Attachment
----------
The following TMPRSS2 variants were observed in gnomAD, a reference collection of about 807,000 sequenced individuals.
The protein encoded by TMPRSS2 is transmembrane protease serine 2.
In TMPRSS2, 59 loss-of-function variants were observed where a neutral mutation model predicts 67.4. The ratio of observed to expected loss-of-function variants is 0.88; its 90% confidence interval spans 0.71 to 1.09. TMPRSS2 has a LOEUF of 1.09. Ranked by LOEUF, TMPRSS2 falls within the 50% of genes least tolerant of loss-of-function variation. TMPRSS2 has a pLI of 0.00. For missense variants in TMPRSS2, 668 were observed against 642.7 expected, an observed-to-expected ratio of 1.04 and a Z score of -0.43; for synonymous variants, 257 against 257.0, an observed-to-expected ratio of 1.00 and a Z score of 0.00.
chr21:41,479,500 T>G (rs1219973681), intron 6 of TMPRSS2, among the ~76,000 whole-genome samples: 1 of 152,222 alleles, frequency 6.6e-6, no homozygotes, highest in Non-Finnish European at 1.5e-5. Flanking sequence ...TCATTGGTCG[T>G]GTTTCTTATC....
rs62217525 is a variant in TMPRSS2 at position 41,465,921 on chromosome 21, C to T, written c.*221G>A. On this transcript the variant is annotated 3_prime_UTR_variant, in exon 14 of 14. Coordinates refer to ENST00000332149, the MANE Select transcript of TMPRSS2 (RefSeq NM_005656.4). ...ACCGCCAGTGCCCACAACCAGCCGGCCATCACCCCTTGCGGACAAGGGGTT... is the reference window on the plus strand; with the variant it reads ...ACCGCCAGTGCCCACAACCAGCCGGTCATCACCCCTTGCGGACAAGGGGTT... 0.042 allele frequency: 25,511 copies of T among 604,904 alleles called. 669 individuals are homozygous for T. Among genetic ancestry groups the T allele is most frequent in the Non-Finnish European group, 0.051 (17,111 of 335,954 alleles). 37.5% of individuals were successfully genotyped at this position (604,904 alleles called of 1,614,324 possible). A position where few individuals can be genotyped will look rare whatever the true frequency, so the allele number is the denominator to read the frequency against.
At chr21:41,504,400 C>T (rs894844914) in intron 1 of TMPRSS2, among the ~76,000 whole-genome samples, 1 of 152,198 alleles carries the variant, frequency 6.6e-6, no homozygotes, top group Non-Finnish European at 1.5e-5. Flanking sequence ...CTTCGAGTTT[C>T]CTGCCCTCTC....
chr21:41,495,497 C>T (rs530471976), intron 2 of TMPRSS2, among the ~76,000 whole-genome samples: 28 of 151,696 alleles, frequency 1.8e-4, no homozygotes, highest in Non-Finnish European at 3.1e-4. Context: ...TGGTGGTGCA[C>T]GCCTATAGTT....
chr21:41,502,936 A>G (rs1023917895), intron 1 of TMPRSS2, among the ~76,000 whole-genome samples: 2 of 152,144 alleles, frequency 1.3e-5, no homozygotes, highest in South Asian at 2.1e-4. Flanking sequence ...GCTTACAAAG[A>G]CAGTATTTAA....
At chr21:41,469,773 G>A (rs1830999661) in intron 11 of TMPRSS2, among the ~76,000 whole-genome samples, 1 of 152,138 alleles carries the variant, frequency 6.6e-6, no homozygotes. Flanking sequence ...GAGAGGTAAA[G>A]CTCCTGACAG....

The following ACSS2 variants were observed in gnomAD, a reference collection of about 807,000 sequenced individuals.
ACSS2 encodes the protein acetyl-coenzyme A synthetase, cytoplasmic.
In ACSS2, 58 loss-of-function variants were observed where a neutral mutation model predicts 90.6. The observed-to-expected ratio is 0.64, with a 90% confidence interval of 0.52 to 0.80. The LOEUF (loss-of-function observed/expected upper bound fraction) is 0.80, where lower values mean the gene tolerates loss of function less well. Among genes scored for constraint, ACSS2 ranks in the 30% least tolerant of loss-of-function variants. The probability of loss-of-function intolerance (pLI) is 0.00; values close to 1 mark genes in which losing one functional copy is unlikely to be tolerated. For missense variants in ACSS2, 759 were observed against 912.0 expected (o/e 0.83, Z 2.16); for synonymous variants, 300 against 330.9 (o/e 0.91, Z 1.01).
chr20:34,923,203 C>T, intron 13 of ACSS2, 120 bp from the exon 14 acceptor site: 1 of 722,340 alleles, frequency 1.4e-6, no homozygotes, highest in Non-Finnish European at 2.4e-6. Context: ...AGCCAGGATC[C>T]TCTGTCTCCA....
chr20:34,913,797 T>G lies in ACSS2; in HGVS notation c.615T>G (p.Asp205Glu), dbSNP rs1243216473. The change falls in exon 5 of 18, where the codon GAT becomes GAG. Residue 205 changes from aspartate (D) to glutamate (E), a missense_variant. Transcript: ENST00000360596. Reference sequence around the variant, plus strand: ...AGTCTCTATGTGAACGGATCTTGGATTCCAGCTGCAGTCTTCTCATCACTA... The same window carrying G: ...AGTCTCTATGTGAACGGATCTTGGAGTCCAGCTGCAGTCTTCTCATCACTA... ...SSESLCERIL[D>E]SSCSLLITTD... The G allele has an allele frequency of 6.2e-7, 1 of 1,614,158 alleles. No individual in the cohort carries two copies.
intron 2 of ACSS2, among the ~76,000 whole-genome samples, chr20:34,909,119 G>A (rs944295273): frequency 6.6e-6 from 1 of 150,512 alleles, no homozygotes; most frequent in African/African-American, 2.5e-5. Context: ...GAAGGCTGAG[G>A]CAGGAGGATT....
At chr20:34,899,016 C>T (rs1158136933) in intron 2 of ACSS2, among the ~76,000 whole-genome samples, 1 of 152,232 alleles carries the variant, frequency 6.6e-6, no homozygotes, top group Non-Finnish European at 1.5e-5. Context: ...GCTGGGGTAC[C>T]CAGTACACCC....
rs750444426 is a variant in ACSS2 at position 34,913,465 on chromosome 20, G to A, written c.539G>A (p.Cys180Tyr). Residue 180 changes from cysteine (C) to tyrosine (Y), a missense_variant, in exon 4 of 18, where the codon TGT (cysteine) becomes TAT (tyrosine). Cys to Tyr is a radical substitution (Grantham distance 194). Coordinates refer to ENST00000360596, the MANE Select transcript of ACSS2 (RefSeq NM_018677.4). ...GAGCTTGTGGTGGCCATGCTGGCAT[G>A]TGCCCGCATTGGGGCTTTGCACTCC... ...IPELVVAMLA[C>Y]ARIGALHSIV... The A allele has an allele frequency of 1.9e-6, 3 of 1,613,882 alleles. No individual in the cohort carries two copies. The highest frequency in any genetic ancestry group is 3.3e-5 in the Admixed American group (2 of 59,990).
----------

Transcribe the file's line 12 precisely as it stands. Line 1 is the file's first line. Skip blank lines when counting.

In ACSS2, 58 loss-of-function variants were observed where a neutral mutation model predicts 90.6. The observed-to-expected ratio is 0.64, with a 90% confidence interval of 0.52 to 0.80. The LOEUF (loss-of-function observed/expected upper bound fraction) is 0.80, where lower values mean the gene tolerates loss of function less well. Among genes scored for constraint, ACSS2 ranks in the 30% least tolerant of loss-of-function variants. The probability of loss-of-function intolerance (pLI) is 0.00; values close to 1 mark genes in which losing one functional copy is unlikely to be tolerated. For missense variants in ACSS2, 759 were observed against 912.0 expected (o/e 0.83, Z 2.16); for synonymous variants, 300 against 330.9 (o/e 0.91, Z 1.01).